|■Tokyo National Research
Institute for Cultural Properties
||■Center for Conservation
|■Department of Art Research,
Archives and Information Systems
||■Japan Center for
International Cooperation in Conservation
|■Department of Intangible
Practical training on measuring the surface temperature of rock using an infrared thermometer (Serven Khaalga site)
Practical training on surface peel of stratum by using past excavation pit (Rashaan Khad site)
As part of an exchange program of Networking Core Centers for International Cooperation on Conservation of Cultural Heritage commissioned by the Agency for Cultural Affairs, we held an on-site workshop on the conservation of the stone monuments and rock paintings, in late August intended for the experts at the Mongolian cultural heritage center, together with the experts at the National Research Institute for Cultural Properties, Nara. At the workshop conducted at Serven Khaalga and Rashaan Khad in the Khentii Aimag (province), following last year, we conducted a series of surveys on the stone material, deterioration state and ambient environment which were necessary to examine the conservation method of stone cultural properties. While we worked with the Mongolian experts, we conveyed the specific procedures to them. Along with the survey, we conducted a practical training on the surface peel of the stratum upon request from the Mongolian experts. It was said that it was the first time such training had taken place in the country. We will continue to conduct conservation treatment experiments and a training on the method for evaluating it in Japan, Mongolia, etc. Going forward we will try to gain a better understanding of target sites while working in cooperation with the domestic and overseas organizations, and investigate more appropriate methods of conservation.
Member countries’ chairperson seats at the Meeting of World Heritage Committee
The 34th session of the World Heritage Committee was held from July 26 to August 3 in Brasilia, a city that is commemorating its 50th anniversary this year. (Currently, Japan is an observer, not a committee member.) It was conspicuous in this session that despite the recommendations of the advisory bodies for enquiring about information or putting off nominations in the World Heritage List, many cases were decided to be nominated. Some committee members stated that the professional opinions of advisory bodies should be respected and the reliability of the List should be taken into account. However, we got the impression that many countries had complaints and were dissatisfied with the opacity of advisory bodies and the decrease in nomination recommendation rate. Meanwhile, the conservation state report exposed multiple territorial disputes in lands that contain heritage sites listed as World Heritages.
It can be said that the system related to World Heritage is approaching a turning point regardless of whether the heritages are already listed or newly nominated. We believe Japan has a lot to do toward the 40th anniversary, in two years’ time, of the Convention concerning the Protection of the World Cultural and Natural Heritage, such as proposing solutions.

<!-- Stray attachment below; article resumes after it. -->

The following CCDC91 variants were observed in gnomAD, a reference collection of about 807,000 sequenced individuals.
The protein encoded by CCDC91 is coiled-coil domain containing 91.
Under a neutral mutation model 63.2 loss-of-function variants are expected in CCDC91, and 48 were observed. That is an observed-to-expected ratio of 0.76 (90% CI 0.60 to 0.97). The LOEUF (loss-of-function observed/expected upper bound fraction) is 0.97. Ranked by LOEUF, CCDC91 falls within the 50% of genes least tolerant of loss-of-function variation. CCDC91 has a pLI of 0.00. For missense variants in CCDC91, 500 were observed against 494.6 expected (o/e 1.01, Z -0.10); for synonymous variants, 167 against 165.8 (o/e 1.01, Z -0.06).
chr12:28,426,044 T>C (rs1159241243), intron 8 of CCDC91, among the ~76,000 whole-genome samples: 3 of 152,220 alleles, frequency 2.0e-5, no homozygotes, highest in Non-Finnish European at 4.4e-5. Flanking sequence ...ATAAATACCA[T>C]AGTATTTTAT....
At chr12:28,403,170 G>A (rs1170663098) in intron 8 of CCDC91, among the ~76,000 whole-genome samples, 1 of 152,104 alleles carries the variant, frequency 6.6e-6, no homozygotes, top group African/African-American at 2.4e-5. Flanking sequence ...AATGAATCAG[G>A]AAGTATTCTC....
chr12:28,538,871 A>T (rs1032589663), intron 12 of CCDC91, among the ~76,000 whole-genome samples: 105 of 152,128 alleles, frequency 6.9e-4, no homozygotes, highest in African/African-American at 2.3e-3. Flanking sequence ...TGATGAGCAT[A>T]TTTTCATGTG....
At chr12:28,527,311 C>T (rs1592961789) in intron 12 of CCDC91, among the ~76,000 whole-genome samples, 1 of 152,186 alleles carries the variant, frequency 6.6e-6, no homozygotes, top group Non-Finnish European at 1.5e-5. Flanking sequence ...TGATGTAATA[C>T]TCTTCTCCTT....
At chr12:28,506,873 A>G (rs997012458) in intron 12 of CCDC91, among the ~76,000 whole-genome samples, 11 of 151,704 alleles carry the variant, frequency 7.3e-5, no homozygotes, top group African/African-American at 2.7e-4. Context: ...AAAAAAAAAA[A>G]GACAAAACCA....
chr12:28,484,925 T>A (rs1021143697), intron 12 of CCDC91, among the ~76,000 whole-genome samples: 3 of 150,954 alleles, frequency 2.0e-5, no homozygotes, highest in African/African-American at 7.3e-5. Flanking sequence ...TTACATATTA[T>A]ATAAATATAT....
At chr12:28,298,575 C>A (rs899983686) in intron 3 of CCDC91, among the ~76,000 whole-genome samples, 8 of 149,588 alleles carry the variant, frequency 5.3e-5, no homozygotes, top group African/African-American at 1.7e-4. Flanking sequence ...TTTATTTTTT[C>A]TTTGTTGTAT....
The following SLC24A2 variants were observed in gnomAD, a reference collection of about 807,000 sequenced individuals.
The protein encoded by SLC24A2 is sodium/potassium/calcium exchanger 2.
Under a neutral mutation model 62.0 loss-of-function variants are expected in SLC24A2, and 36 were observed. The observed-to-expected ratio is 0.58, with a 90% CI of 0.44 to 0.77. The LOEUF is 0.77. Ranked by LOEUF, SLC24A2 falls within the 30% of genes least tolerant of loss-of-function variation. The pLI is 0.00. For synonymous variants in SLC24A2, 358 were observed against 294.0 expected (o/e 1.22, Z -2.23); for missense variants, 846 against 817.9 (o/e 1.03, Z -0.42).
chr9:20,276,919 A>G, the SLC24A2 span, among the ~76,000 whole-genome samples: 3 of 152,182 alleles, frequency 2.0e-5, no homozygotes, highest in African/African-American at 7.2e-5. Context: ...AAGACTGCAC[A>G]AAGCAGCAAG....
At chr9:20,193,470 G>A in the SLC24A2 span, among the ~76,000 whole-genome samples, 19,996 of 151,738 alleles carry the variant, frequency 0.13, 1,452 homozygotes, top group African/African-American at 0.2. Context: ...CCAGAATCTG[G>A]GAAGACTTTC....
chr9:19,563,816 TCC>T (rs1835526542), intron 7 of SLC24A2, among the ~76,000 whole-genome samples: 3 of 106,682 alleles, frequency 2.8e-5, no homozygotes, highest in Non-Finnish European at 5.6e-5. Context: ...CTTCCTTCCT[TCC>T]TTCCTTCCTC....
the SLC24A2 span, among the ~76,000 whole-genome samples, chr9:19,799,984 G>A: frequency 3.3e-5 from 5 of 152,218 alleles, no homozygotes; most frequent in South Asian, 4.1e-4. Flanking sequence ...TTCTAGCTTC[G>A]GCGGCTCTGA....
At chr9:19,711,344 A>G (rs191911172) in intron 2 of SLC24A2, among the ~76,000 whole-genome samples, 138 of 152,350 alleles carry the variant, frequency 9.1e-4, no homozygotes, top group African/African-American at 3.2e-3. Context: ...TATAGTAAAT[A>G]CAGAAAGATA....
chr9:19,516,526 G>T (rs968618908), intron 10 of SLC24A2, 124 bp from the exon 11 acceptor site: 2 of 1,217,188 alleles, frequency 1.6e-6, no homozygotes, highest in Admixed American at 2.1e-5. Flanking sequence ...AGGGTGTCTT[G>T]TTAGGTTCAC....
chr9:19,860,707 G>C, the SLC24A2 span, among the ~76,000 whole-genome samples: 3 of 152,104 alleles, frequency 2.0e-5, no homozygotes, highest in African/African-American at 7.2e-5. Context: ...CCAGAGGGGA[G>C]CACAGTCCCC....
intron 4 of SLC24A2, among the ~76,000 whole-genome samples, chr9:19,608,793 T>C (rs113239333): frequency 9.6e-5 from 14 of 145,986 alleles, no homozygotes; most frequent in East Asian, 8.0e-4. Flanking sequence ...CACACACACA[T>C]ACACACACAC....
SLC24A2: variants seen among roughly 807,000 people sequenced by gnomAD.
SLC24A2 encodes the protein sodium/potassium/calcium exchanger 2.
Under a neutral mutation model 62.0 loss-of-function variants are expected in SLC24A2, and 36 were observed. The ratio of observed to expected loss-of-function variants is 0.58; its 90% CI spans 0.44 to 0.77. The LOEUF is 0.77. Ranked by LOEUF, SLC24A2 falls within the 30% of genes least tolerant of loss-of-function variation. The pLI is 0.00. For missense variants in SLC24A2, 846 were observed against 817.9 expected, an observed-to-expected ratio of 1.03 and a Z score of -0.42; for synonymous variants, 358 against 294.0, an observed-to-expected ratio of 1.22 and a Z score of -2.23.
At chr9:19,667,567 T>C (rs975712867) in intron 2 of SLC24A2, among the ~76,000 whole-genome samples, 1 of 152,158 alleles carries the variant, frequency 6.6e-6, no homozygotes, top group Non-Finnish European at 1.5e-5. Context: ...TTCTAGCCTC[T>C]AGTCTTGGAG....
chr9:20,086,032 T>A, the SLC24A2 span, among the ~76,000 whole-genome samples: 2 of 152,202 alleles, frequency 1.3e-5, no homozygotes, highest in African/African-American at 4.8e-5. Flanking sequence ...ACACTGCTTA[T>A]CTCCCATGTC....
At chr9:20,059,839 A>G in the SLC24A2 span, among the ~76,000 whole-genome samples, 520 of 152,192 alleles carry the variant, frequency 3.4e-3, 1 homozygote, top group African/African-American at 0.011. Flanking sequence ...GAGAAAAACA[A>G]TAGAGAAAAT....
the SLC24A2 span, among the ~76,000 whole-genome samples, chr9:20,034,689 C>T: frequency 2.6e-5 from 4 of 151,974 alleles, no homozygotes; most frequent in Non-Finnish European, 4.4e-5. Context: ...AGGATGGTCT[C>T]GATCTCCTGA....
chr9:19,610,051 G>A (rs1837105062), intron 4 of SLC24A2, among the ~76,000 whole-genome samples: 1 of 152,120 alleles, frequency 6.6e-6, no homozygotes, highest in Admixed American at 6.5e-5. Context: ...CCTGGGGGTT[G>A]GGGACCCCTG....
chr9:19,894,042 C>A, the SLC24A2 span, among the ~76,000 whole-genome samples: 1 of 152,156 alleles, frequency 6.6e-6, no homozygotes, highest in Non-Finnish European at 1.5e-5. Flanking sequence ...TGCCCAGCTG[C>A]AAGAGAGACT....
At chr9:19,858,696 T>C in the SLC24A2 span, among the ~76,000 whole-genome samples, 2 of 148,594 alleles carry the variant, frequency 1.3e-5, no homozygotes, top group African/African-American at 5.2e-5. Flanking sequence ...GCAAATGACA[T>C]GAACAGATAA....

The above meeting (ICC) was held in Siem Reap, Cambodia, from June 8 to 9, and activity reports were given by specialists in various fields from Cambodia and other countries who work around the Angkor Site. Our Institute reported on its investigation on the influence of plants on stones at the Ta Nei site.
Recently, ICC has been concerned with how the ambient environment and plants are related to the deterioration of stones, but they are understood in an extremely simple manner, i.e., the idea that “no trees at site must be cut down since that will cause the stones to deteriorate”. A rush to obtain results may lead to conservation processes being conducted based only on the track records of researchers’ home countries. We ended the presentation by pointing out the need to conduct long-term investigations at local sites for such an issue that is closely associated with the environment, and gain the understanding of teams from other countries that are conducting similar investigations.
Exchange of information with the persons involved in the Mongolian National Commission for UNESCO and the Director of Cultural Heritage Conservation Center
The National Research Institute for Cultural Properties, Tokyo is conducting a training session on how to restore wooden buildings and conserve stone monuments and rock art in Mongolia. This is in the framework of the exchange program of Networking Core Centers for International Cooperation on Conservation of Cultural Heritage, and being coordinated with the relevant organizations and specialists. It has been also made possible thanks to the cooperation of the Japan Consortium for International Cooperation in Cultural Heritage. From March 16 to 18, we reported the results of the training and related investigations conducted last summer and discussed the policy for activities in the following year, at the Ministry of Education, Culture and Science and the Cultural Heritage Conservation Center in Ulan Bator, the capital of the partner country, Mongolia. We felt those in Mongolia were satisfied with the results, and sensed their high expectations for the specific proposal for future activities. In the relevant investigation, we interviewed the chairperson of the Mongolian National Commission for UNESCO and asked him about the activities being conducted for world heritages, such as the policy for protecting cultural heritages already listed and the cultural heritages whose listing is to be applied for. The Amarbayasgalant Monastery, where we are conducting the training for restoration of wooden buildings, is registered in a tentative list of world heritages, and future developments are expected.
Mural using anoa and the human hand as a motif (Sumpang Bita Cave)